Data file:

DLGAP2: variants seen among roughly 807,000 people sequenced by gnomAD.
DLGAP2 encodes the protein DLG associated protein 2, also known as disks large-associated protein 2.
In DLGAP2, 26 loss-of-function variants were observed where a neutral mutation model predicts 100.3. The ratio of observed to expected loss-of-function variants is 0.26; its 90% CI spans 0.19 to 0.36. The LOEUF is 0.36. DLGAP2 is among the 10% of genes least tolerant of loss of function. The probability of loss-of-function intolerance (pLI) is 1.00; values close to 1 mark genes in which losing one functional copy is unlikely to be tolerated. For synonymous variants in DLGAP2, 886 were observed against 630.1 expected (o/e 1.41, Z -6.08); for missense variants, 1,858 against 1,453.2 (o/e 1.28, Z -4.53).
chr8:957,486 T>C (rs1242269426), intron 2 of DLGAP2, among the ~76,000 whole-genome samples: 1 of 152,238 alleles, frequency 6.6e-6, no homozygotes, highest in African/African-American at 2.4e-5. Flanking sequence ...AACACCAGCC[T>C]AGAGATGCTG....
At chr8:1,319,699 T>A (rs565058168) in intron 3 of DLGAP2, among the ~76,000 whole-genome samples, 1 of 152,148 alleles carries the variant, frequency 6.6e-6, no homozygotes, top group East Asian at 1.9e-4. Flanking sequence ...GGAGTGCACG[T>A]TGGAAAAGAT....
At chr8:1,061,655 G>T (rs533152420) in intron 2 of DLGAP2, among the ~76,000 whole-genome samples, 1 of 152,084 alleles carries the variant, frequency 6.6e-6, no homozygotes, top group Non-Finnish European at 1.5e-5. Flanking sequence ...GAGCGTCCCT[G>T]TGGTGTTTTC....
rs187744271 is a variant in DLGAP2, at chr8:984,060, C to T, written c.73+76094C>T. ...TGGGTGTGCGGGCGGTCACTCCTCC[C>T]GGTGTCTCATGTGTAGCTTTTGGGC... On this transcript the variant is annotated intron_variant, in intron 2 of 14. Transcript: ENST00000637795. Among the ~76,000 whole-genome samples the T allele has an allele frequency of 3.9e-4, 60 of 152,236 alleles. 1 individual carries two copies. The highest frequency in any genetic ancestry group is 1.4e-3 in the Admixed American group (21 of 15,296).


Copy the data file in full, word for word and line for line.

DLGAP2: variants seen among roughly 807,000 people sequenced by gnomAD.
DLGAP2 encodes the protein DLG associated protein 2, also known as disks large-associated protein 2.
In DLGAP2, 26 loss-of-function variants were observed where a neutral mutation model predicts 100.3. The ratio of observed to expected loss-of-function variants is 0.26; its 90% CI spans 0.19 to 0.36. The LOEUF is 0.36. DLGAP2 is among the 10% of genes least tolerant of loss of function. The probability of loss-of-function intolerance (pLI) is 1.00; values close to 1 mark genes in which losing one functional copy is unlikely to be tolerated. For synonymous variants in DLGAP2, 886 were observed against 630.1 expected (o/e 1.41, Z -6.08); for missense variants, 1,858 against 1,453.2 (o/e 1.28, Z -4.53).
chr8:957,486 T>C (rs1242269426), intron 2 of DLGAP2, among the ~76,000 whole-genome samples: 1 of 152,238 alleles, frequency 6.6e-6, no homozygotes, highest in African/African-American at 2.4e-5. Flanking sequence ...AACACCAGCC[T>C]AGAGATGCTG....
At chr8:1,319,699 T>A (rs565058168) in intron 3 of DLGAP2, among the ~76,000 whole-genome samples, 1 of 152,148 alleles carries the variant, frequency 6.6e-6, no homozygotes, top group East Asian at 1.9e-4. Flanking sequence ...GGAGTGCACG[T>A]TGGAAAAGAT....
At chr8:1,061,655 G>T (rs533152420) in intron 2 of DLGAP2, among the ~76,000 whole-genome samples, 1 of 152,084 alleles carries the variant, frequency 6.6e-6, no homozygotes, top group Non-Finnish European at 1.5e-5. Flanking sequence ...GAGCGTCCCT[G>T]TGGTGTTTTC....
rs187744271 is a variant in DLGAP2, at chr8:984,060, C to T, written c.73+76094C>T. ...TGGGTGTGCGGGCGGTCACTCCTCC[C>T]GGTGTCTCATGTGTAGCTTTTGGGC... On this transcript the variant is annotated intron_variant, in intron 2 of 14. Transcript: ENST00000637795. Among the ~76,000 whole-genome samples the T allele has an allele frequency of 3.9e-4, 60 of 152,236 alleles. 1 individual carries two copies. The highest frequency in any genetic ancestry group is 1.4e-3 in the Admixed American group (21 of 15,296).